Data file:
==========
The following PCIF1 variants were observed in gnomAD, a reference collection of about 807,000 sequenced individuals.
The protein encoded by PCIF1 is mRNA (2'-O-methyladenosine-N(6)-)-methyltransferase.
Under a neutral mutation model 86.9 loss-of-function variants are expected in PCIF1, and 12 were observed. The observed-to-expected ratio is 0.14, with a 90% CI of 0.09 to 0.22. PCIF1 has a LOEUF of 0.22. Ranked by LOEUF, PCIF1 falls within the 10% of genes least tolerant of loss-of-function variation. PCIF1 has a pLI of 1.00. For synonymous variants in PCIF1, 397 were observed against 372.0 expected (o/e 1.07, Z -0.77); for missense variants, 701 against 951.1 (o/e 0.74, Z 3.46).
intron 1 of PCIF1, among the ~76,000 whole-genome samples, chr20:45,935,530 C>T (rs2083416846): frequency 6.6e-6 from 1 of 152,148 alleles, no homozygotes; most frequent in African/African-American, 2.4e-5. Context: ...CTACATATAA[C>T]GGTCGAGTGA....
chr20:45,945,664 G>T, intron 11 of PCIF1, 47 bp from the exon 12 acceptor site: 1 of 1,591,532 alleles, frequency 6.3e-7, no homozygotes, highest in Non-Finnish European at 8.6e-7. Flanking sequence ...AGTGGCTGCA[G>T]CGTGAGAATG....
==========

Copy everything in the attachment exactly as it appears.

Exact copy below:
The following PCIF1 variants were observed in gnomAD, a reference collection of about 807,000 sequenced individuals.
The protein encoded by PCIF1 is mRNA (2'-O-methyladenosine-N(6)-)-methyltransferase.
Under a neutral mutation model 86.9 loss-of-function variants are expected in PCIF1, and 12 were observed. The observed-to-expected ratio is 0.14, with a 90% CI of 0.09 to 0.22. PCIF1 has a LOEUF of 0.22. Ranked by LOEUF, PCIF1 falls within the 10% of genes least tolerant of loss-of-function variation. PCIF1 has a pLI of 1.00. For synonymous variants in PCIF1, 397 were observed against 372.0 expected (o/e 1.07, Z -0.77); for missense variants, 701 against 951.1 (o/e 0.74, Z 3.46).
intron 1 of PCIF1, among the ~76,000 whole-genome samples, chr20:45,935,530 C>T (rs2083416846): frequency 6.6e-6 from 1 of 152,148 alleles, no homozygotes; most frequent in African/African-American, 2.4e-5. Context: ...CTACATATAA[C>T]GGTCGAGTGA....
chr20:45,945,664 G>T, intron 11 of PCIF1, 47 bp from the exon 12 acceptor site: 1 of 1,591,532 alleles, frequency 6.3e-7, no homozygotes, highest in Non-Finnish European at 8.6e-7. Flanking sequence ...AGTGGCTGCA[G>T]CGTGAGAATG....